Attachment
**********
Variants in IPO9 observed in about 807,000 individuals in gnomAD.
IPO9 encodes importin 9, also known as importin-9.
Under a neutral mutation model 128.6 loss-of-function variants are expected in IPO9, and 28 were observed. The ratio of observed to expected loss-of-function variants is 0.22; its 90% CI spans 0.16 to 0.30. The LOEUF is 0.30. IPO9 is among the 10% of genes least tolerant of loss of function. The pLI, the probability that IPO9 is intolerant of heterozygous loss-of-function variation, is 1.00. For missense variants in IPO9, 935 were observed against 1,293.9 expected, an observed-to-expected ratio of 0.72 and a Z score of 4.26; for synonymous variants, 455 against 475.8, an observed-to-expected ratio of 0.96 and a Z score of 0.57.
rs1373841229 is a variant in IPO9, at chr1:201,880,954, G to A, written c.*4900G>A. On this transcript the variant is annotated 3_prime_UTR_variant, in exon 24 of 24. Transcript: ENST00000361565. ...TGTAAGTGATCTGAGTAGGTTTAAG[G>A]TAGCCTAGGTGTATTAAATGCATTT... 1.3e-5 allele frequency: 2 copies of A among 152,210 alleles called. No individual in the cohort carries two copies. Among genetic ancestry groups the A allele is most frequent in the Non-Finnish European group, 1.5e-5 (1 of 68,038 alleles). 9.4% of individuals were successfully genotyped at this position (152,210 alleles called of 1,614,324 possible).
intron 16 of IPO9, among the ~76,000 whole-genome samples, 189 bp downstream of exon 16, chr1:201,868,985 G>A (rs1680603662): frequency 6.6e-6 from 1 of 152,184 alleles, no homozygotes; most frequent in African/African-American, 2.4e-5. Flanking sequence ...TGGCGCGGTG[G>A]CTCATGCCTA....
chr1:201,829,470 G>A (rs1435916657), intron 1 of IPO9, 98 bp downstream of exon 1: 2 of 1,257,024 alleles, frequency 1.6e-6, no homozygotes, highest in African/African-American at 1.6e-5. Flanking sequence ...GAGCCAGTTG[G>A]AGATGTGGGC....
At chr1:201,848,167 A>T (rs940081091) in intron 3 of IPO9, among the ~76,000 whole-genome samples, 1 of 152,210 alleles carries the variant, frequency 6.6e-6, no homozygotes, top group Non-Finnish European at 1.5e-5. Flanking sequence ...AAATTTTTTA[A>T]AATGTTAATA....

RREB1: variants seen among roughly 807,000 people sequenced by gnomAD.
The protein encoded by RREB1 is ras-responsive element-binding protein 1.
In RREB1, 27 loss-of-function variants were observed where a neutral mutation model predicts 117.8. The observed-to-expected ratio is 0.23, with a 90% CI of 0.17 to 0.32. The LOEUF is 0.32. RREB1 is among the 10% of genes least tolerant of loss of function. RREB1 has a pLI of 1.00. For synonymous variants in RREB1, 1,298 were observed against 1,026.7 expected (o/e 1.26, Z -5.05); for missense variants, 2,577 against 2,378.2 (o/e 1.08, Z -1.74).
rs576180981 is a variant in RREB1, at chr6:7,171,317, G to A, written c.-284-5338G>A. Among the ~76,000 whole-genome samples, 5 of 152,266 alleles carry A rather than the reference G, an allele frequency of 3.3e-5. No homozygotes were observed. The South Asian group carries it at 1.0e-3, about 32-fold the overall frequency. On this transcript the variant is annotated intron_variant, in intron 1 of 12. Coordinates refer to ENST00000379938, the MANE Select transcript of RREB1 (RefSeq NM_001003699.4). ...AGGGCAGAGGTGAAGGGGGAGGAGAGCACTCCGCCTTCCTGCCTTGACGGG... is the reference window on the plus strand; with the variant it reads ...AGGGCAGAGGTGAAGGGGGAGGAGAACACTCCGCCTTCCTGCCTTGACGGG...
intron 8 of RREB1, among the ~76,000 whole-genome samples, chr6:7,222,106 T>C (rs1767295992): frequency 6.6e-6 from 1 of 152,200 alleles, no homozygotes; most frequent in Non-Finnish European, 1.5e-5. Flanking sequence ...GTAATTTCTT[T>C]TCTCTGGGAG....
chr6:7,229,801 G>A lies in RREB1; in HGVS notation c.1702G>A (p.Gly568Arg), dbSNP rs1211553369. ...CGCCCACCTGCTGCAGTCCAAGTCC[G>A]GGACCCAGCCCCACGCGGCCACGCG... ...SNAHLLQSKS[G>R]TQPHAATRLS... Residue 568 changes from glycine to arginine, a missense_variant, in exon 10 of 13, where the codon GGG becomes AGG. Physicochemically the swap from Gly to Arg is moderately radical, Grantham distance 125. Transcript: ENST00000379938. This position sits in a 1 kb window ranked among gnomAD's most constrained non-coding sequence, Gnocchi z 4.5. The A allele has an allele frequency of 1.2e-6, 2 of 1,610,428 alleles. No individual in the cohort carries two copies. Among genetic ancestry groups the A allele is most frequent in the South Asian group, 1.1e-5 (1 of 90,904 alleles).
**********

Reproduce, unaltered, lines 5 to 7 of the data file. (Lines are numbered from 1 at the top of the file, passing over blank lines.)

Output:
intron 16 of IPO9, among the ~76,000 whole-genome samples, 189 bp downstream of exon 16, chr1:201,868,985 G>A (rs1680603662): frequency 6.6e-6 from 1 of 152,184 alleles, no homozygotes; most frequent in African/African-American, 2.4e-5. Flanking sequence ...TGGCGCGGTG[G>A]CTCATGCCTA....
chr1:201,829,470 G>A (rs1435916657), intron 1 of IPO9, 98 bp downstream of exon 1: 2 of 1,257,024 alleles, frequency 1.6e-6, no homozygotes, highest in African/African-American at 1.6e-5. Flanking sequence ...GAGCCAGTTG[G>A]AGATGTGGGC....
At chr1:201,848,167 A>T (rs940081091) in intron 3 of IPO9, among the ~76,000 whole-genome samples, 1 of 152,210 alleles carries the variant, frequency 6.6e-6, no homozygotes, top group Non-Finnish European at 1.5e-5. Flanking sequence ...AAATTTTTTA[A>T]AATGTTAATA....